Chris, Ikem and Beatrice are like-minded friends working under the military regime of His Excellency, the Sandhurst-educated President of Kangan. In the pressurized atmosphere of oppression and intimidation they are simply trying to live and love – and remain friends. But in a world where each day brings a new betrayal, hope is hard to cling on to.
There Was a Country: A Personal History of Biafra
by Chinua Achebe, 2012
The defining experience of Chinua Achebe’s life was the Nigerian civil war, also known as the Biafran War, of 1967–1970. The conflict was infamous for its savage impact on the Biafran people, Chinua Achebe’s people, many of whom were starved to death after the Nigerian government blockaded their borders. By then, Chinua Achebe was already a world-renowned novelist, with a young family to protect. He took the Biafran side in the conflict and served his government as a roving cultural ambassador, from which vantage he absorbed the war’s full horror.
The Secret Lives of Baba Segi’s Wives
by Lola Shoneyin, 2010
African-born poet Lola Shoneyin makes her fiction debut with The Secret Lives of Babi Segi’s Wives, a perceptive, entertaining, and eye-opening novel of polygamy in modern-day Nigeria. The struggles, rivalries, intricate family politics, and the interplay of personalities and relationships within the complex private world of a polygamous union come to life in The Secret Lives of Baba Segi’s Wives—Big Love and The 19th Wife set against a contemporary African background.
Say You’re One of Them
by Uwem Akpan, 2008
Uwem Akpan’s stunning stories humanize the perils of poverty and violence so piercingly that few readers will feel they’ve ever encountered Africa so immediately. The eight-year-old narrator of “An Ex-Mas Feast” needs only enough money to buy books and pay fees in order to attend school. Even when his twelve-year-old sister takes to the streets to raise these meager funds, his dream can’t be granted. Food comes first. His family lives in a street shanty in Nairobi, Kenya, but their way of both loving and taking advantage of each other strikes a universal chord.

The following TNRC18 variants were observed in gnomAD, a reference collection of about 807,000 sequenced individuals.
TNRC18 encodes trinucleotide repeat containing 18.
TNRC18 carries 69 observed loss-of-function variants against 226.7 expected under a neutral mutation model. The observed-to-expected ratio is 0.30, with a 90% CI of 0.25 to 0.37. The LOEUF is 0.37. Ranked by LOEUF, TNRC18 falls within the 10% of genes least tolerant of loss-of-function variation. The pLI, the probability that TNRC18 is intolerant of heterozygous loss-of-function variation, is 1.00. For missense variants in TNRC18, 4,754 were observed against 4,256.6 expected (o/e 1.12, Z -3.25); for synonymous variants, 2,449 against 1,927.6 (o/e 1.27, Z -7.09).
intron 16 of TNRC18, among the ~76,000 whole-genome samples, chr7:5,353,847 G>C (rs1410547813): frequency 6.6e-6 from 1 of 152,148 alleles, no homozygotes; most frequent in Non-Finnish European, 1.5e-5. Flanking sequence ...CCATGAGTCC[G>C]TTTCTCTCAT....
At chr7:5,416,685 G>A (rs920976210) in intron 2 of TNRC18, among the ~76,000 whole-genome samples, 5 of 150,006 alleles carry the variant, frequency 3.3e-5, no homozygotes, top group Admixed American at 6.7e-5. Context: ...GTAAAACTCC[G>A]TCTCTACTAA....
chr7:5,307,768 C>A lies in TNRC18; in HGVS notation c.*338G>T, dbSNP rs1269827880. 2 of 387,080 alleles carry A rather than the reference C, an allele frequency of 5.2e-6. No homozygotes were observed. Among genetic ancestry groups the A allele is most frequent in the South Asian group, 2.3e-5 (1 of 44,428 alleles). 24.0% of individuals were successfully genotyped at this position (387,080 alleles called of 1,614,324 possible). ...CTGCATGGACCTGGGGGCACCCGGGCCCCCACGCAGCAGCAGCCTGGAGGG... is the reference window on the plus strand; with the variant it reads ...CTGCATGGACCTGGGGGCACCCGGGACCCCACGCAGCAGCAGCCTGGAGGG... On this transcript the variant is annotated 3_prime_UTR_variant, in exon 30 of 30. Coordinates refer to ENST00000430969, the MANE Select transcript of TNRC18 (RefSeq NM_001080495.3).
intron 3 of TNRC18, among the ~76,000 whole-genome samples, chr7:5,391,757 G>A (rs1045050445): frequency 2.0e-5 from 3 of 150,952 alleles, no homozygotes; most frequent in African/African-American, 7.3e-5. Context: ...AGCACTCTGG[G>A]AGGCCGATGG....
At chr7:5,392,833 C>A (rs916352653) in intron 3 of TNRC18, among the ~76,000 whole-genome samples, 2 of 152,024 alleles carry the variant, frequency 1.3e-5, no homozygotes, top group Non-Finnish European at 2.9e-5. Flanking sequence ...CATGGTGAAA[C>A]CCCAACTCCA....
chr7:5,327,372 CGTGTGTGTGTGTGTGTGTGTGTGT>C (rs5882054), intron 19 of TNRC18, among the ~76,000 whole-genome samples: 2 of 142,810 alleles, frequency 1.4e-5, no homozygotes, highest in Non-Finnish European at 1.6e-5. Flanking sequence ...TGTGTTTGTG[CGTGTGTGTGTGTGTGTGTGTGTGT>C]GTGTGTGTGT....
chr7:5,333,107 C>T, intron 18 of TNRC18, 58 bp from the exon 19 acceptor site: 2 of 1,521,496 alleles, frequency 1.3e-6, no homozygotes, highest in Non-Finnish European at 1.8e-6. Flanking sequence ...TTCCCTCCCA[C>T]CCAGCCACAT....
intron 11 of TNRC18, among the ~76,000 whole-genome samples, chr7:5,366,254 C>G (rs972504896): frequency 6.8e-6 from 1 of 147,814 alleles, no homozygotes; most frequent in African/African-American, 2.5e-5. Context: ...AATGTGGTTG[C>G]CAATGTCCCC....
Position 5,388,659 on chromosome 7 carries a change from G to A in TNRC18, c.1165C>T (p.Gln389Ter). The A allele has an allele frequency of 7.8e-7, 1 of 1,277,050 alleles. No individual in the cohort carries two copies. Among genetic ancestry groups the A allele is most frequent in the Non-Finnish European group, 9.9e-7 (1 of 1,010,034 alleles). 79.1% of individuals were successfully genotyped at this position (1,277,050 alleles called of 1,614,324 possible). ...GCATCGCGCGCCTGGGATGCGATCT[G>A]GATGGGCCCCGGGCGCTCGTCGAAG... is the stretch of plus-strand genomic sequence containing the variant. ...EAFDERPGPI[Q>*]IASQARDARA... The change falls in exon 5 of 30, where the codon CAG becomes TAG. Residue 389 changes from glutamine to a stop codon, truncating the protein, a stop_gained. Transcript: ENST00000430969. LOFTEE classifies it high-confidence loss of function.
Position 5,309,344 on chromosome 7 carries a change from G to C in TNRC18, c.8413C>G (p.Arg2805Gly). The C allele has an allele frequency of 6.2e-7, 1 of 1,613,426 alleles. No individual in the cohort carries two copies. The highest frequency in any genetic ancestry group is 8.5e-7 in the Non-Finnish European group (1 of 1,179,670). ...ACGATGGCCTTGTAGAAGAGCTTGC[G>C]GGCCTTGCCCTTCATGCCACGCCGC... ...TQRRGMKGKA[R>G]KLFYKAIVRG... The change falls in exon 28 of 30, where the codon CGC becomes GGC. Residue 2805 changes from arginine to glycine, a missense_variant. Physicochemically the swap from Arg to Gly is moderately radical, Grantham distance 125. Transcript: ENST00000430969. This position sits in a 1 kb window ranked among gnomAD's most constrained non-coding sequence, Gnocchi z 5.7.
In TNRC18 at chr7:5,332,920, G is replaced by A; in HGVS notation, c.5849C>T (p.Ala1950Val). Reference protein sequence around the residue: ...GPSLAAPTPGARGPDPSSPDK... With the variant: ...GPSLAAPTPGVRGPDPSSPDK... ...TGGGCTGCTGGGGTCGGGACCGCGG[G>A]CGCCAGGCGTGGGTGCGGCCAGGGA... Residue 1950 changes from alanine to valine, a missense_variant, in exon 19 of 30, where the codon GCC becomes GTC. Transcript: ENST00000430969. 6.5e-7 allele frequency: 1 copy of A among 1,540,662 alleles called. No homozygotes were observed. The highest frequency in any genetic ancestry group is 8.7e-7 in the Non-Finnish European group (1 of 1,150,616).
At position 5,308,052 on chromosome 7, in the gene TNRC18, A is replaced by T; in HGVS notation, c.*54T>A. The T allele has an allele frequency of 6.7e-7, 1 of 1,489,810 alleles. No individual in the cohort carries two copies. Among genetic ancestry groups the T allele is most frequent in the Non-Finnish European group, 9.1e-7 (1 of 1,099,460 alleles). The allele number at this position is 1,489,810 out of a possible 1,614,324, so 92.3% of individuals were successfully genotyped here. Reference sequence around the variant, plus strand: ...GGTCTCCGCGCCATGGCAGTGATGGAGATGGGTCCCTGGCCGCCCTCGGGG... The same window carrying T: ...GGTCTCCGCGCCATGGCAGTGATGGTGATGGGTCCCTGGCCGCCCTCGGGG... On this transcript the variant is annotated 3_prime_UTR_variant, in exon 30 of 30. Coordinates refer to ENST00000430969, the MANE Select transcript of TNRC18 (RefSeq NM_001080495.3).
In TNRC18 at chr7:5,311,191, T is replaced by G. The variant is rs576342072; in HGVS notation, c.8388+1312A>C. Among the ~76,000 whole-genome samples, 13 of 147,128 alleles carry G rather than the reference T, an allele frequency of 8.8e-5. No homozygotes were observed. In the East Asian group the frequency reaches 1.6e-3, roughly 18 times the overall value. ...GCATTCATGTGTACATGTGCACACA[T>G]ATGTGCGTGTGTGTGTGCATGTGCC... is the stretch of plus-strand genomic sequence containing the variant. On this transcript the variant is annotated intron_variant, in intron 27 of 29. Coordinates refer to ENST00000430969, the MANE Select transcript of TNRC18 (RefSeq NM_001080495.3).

by Teju Cole, 2011
Along the streets of Manhattan, a young Nigerian doctor doing his residency wanders aimlessly. The walks meet a need for Julius: they are a release from the tightly regulated mental environment of work, and they give him the opportunity to process his relationships, his recent breakup with his girlfriend, his present and his past.
by Chigozie Obioma, 2015
In a Nigerian town in the mid 1990’s, four brothers encounter a madman whose mystic prophecy of violence threatens the core of their close-knit family.
Told from the point of view of nine year old Benjamin, the youngest of four brothers, The Fishermen is the story of an unforgettable childhood in 1990s Nigeria, in the small town of Akure. When their strict father has to travel to a distant city for work, the brothers take advantage of his extended absence to skip school and go fishing. At the ominous, forbidden nearby river, they meet a dangerous local madman who persuades the oldest of the boys that he is destined to be killed by one of his siblings.